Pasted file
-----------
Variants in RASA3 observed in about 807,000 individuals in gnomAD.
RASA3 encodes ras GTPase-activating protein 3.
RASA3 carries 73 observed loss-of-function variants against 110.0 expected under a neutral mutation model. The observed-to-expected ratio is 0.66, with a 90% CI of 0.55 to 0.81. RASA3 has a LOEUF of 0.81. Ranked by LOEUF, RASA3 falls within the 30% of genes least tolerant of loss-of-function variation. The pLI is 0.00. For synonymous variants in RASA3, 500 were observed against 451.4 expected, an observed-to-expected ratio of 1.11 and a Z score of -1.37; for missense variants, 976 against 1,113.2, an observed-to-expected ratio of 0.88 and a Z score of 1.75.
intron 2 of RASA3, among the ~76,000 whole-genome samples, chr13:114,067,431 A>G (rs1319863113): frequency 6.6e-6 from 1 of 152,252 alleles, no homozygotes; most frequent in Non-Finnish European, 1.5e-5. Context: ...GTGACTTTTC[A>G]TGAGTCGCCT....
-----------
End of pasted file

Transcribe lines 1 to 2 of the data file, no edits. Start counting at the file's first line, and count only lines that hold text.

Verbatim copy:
Variants in RASA3 observed in about 807,000 individuals in gnomAD.
RASA3 encodes ras GTPase-activating protein 3.